Renowned historian of Latin America and especially Brazil, Leslie Bethell joined the Brazil Institute on December 3rd as a Public Policy Scholar-in-residence to conduct research on "Brazil in the New Global Order." A professor emeritus at the University of London, Bethell was previously director of the Center of Brazilian Studies at Oxford University. He presented his project on December 9th to an audience of Wilson Center fellows, scholars and staff.

"Brazil is today internationally regarded, along with China and India, as a key ‘emerging power' in the first half of the 21st century," he said. "And yet Brazil has always punched well below its weight in world affairs. Only relatively recently, in the last 10 years or so, has Brazil begun to play a role in world affairs in any way commensurate with its importance, real and potential."

Bethell's work at the Wilson Center, which will last through February 2009, will be part of an ambitious project aimed at explaining Brazil's rise in the world, to both international observers and Brazilians themselves. "My long term aim is to write a book on Brazil in global history, on Brazil's relationship with the outside world and the outside world's relationship with Brazil, during the 19th and 20th centuries," he explained.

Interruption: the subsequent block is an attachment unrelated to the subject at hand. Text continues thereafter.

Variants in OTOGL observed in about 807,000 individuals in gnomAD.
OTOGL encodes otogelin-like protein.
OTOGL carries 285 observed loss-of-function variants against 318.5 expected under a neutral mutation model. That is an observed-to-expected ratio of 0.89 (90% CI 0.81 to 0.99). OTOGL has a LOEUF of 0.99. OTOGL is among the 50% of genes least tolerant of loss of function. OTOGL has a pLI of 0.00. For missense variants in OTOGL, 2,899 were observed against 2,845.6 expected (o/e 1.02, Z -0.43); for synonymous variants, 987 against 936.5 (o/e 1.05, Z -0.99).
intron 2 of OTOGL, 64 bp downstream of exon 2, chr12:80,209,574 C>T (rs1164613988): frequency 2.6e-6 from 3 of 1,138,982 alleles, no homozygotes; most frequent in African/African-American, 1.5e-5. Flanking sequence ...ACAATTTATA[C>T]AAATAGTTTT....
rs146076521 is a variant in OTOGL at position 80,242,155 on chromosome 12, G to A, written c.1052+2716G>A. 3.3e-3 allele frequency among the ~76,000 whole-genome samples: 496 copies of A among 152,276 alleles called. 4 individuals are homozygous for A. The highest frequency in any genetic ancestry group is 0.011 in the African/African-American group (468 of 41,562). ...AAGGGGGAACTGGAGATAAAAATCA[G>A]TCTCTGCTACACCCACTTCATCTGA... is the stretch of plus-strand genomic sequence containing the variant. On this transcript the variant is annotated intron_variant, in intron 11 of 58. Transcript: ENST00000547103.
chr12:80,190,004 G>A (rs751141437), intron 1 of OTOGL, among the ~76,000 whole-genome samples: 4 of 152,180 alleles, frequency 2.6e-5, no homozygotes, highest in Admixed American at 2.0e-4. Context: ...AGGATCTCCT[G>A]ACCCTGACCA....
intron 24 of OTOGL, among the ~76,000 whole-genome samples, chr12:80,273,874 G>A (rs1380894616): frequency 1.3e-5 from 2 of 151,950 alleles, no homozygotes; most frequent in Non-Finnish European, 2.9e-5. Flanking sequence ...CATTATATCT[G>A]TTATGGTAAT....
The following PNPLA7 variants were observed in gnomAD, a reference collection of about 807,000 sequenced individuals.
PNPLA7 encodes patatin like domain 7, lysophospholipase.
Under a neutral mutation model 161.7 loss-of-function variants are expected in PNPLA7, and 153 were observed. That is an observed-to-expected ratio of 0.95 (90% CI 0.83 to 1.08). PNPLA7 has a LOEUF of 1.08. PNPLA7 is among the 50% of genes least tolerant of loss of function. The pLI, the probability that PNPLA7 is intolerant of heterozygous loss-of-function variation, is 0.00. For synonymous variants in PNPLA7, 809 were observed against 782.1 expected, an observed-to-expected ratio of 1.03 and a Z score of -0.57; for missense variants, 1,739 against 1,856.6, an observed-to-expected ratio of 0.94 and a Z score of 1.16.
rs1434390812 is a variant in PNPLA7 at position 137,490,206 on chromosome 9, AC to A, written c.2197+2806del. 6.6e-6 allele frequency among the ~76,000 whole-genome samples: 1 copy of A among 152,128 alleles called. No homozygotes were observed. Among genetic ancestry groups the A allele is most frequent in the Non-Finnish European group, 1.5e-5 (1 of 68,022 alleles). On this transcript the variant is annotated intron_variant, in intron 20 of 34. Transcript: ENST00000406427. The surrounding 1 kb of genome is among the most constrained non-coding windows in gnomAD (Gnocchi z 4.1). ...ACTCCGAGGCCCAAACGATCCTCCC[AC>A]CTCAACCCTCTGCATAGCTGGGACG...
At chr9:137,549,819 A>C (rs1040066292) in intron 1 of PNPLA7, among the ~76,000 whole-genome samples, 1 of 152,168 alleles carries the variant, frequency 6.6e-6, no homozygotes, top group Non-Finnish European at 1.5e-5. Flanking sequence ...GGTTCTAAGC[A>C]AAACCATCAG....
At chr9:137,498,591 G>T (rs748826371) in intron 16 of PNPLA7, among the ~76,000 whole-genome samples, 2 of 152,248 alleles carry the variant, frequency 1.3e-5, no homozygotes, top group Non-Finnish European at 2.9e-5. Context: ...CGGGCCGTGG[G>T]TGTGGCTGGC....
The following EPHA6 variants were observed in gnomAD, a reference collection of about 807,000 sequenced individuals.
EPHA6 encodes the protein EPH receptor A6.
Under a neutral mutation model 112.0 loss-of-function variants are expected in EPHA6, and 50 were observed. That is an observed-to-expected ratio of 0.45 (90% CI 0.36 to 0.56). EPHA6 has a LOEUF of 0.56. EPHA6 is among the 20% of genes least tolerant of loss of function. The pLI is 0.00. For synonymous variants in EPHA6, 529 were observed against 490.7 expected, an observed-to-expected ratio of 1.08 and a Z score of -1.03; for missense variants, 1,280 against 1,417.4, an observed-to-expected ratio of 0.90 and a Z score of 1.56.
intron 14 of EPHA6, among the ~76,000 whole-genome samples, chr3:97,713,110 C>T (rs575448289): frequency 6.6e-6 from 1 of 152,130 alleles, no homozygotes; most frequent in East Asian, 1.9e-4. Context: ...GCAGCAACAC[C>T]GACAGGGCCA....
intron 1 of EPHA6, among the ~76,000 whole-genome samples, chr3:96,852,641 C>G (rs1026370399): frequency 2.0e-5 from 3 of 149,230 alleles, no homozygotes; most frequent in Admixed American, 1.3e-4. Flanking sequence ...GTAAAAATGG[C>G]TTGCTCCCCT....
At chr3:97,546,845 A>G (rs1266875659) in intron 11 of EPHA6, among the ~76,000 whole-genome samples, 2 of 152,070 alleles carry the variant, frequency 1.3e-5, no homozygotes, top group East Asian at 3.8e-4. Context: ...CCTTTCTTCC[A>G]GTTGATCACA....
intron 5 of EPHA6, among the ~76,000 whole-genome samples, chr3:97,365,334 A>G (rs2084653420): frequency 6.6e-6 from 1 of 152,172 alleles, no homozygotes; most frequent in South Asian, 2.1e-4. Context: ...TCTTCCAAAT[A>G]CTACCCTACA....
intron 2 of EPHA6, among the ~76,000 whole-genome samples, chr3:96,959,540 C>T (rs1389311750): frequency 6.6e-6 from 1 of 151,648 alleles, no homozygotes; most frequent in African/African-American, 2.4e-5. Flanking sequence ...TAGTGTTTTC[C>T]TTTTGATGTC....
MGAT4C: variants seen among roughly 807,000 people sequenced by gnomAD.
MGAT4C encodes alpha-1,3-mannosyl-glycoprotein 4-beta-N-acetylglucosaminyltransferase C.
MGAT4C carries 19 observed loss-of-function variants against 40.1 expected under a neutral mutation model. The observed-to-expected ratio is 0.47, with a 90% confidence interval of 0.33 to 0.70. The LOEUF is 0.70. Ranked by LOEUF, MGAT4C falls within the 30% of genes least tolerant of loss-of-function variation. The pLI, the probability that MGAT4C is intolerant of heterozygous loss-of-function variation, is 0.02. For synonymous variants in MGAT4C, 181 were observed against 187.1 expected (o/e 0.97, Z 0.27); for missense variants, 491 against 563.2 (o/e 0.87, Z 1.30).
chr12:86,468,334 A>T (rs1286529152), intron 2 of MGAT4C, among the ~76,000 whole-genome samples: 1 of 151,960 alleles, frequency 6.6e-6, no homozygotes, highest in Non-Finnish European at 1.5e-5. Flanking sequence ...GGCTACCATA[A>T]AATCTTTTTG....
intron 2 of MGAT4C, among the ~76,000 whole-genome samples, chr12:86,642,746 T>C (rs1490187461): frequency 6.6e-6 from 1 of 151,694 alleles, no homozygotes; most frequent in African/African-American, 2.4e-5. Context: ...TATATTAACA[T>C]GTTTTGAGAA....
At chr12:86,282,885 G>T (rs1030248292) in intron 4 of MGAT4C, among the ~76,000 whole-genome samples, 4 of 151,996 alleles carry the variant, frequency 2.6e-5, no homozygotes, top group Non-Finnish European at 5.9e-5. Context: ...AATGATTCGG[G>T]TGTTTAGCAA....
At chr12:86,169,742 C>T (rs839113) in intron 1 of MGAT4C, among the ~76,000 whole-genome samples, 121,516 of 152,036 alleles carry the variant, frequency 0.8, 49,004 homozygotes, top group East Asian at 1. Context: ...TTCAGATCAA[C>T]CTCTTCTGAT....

Much of his project will draw on nearly 40 years of scholarship, covering Brazil's independence from Portugal at the beginning of the 19th century; the abolition of the slave trade and of slavery; the Paraguayan War; Brazil within Britain's ‘informal empire' in the 19th century; the ‘hegemonic transition' from Britain to the United States in the first half of the 20th century; immigration; the history of liberalism, communism and fascism in Brazil; and the US and Brazil during the Second World War and the Cold War.

"Here at the Wilson Center as a Public Policy Scholar in the Brazil Institute, my intention is to focus on the changing nature of Brazil's role in the new global order since the end of the Cold War. Brazil is an emerging regional power—in South America—and an emerging global power, with ties to the United States, Europe, and increasingly to the rest of the South," said Bethell.

"In effect, [I will be writing] the final chapter of the book."